9. Measure and reward what you want done: By providing ongoing measurement of the cross-selling objectives you want to achieve and paying for the achievement of these objectives, you have a much better chance of reaching your goals. This continuous reinforcement of your cross-sell mission allows your team to be focused on what's important. You can also turbocharge your results by communicating how you are assisting in their efforts. Provide opportunity reports of the customers where they may have the greatest opportunity for success. As part of these reports, it is also helpful to provide background as to why the customer is being selected for a specific offer.

Finally, remember that current customers like to be rewarded for their loyalty. One of the best ways to do this is to remember to include an offer with any cross-sell or upsell message. Without an offer, you may be perceived as simply 'pushing product' without leveraging the relationship value already in place. A strong offer will not only generate a better response to your communication, but also remind the customer of the value of doing business with your organization.

TagsRetail bankingTransaction banking

Comments: (2)

Ketharaman Swaminathan - GTM360 Marketing Solutions - Pune | 19 June, 2013, 15:32

Good list. Unlike retail, telecom and other industries, banks face a major challenge in that banking products are bought relatively infrequently e.g. mortgage. While it's easy to send offers on mortgages to all customers on all months of the year, it's very hard - well nigh impossible - to send one to that customer on that month that he plans to buy a house. In other words, making relevant offers is particularly difficult in banking. We've come across this issue with virtually every bank we work with. We've found one approach that works well in overcoming this challenge is to focus on "sub-products". For example, when a customer charges an amount on her credit card that's many times of her normal card spend, offer repayment by EMIs. Such offers are highly relevant and easy to devise. They can happen frequently and tend to enjoy high conversions.

Offers for third-party products (e.g. 20% off on Coke when customer buys a pizza on his credit card at the POS) is another approach.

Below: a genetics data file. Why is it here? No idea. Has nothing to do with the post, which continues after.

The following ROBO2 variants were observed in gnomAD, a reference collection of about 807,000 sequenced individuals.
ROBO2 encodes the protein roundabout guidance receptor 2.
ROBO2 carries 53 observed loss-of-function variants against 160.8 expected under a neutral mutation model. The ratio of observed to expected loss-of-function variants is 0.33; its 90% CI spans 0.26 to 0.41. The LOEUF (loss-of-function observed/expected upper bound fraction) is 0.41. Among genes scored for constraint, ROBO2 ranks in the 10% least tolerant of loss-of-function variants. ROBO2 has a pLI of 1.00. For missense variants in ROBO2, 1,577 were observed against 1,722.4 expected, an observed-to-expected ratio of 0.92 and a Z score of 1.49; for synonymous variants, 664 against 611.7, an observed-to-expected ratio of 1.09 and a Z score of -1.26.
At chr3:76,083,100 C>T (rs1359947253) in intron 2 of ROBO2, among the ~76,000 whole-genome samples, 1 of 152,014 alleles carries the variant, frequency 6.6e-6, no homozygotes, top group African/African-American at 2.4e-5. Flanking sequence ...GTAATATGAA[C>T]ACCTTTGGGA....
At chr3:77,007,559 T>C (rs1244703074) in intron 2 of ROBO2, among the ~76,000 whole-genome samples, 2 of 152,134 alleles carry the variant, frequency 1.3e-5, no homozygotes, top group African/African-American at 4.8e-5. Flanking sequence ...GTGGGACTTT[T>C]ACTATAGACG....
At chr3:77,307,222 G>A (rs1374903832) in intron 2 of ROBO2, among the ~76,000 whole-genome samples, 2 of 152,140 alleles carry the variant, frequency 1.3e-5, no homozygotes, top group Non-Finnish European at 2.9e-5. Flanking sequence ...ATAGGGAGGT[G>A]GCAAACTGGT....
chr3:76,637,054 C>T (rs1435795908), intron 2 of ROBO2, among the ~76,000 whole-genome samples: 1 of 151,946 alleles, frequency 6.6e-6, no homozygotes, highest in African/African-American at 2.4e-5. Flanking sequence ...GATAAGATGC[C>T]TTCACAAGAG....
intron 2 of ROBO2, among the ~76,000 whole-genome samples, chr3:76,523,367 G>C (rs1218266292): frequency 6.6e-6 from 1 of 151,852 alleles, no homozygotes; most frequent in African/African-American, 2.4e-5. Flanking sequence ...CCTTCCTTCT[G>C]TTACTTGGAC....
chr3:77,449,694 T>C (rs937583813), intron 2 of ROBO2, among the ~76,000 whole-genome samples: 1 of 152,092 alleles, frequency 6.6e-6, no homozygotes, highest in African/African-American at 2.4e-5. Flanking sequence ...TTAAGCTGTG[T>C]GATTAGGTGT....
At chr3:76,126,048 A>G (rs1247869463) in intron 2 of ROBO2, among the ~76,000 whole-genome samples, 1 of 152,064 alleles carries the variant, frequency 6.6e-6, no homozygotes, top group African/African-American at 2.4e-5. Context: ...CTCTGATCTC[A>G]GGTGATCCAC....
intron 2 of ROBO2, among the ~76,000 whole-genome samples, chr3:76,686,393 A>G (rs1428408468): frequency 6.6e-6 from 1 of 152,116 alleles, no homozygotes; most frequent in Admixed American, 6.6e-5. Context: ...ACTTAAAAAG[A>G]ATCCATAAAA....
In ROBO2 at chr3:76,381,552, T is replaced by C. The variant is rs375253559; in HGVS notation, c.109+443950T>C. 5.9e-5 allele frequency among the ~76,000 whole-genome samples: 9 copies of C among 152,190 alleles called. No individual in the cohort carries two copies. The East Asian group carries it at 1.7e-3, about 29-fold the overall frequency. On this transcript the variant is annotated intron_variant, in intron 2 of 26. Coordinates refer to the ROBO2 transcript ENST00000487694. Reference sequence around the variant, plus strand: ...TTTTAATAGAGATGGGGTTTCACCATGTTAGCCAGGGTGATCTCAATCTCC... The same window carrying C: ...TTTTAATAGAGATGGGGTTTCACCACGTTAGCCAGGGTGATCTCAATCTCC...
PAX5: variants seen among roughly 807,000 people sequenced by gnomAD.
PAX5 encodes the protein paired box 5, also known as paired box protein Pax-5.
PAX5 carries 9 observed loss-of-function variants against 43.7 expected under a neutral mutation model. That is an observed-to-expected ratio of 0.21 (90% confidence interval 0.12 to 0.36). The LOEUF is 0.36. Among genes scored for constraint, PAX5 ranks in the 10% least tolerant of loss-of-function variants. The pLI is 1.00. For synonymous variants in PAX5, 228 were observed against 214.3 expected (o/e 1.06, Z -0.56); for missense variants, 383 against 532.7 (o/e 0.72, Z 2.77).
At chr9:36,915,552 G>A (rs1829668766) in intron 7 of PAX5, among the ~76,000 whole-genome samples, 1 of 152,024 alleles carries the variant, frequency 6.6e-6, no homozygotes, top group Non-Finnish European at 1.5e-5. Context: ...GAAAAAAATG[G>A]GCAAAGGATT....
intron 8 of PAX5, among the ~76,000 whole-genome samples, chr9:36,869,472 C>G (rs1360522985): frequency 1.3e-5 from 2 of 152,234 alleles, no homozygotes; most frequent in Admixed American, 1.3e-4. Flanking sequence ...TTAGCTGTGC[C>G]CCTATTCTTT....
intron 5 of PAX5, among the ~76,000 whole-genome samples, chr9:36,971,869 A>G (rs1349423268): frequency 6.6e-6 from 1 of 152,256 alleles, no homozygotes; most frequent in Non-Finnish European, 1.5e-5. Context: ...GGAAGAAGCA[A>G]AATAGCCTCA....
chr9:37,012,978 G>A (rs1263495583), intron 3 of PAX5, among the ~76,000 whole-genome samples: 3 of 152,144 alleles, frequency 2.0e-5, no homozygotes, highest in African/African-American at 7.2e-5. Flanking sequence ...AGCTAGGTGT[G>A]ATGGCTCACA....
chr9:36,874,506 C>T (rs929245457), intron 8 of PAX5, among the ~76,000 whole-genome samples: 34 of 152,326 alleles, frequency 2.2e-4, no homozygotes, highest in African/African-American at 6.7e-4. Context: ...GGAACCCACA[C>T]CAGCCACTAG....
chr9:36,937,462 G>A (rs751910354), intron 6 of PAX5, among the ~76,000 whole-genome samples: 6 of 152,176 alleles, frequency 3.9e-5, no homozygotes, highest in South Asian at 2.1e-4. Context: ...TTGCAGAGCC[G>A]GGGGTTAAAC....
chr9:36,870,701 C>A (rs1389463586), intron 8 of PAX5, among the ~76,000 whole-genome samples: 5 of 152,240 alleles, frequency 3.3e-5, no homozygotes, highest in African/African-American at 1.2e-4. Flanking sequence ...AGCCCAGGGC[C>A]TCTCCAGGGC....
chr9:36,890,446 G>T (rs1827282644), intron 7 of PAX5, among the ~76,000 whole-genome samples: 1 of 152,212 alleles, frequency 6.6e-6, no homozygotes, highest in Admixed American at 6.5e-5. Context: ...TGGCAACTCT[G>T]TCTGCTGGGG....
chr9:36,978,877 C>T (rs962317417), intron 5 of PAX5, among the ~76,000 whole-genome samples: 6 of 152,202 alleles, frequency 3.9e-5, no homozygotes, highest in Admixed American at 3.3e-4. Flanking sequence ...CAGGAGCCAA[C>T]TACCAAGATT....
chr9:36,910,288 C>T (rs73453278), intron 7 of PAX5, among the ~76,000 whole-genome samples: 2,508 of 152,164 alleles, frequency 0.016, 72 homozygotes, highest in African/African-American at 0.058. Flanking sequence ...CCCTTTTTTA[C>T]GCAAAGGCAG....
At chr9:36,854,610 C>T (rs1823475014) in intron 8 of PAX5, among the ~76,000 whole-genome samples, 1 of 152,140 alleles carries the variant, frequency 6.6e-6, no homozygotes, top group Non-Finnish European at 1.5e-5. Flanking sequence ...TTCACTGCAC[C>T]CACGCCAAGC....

Ketharaman Swaminathan - GTM360 Marketing Solutions - Pune | 20 June, 2013, 08:44

This just out:

http://techcrunch.com/2013/06/19/intercom-series-a/

Although it doesn't give any concrete examples, Intercom, the company featured in this article, claims that card issuers face a lot of friction in making targeted offers, which its platform seeks to resolve. (Full Disclosure: I have no personal or professional vested interest in Intercom).

Comment on this story (membership required)
Log in to receive notifications when someone posts a comment

Latest posts from Jim

Innovation Lacking in U.S. and U.K.

23 November 2013  |  2445 views  |  0  |  Recommends 0 TagsRetail bankingInnovationGroupInnovation in Financial Services

Banks Ignoring Tablet Growth and Potential

11 November 2013  |  2839 views  |  1  |  Recommends 0 TagsMobile & onlineRetail banking

The Digital Bank - Interview With Chris Skinner

09 November 2013  |  2681 views  |  0  |  Recommends 0 TagsMobile & onlineInnovation

Banks Taking Pragmatic Approach to Big Data

20 June 2013  |  4817 views  |  0  |  Recommends 0 TagsRetail bankingGroupInnovation in Financial Services

9 Keys to Bank Cross-Selling Success

18 June 2013  |  8850 views  |  2  |  Recommends 0 TagsRetail bankingTransaction bankingGroupDisruption in Retail Banking
name

Jim Marous

job title

SVP of Corporate Development

company name

New Control

member since

2012

location

Cleveland

Summary profile See full profile »
Marketing services leader focused on building strategic solutions for the financial services indu...

Jim's expertise

Who is commenting on Jim's posts

Salil Ravindran
Ketharaman Swaminathan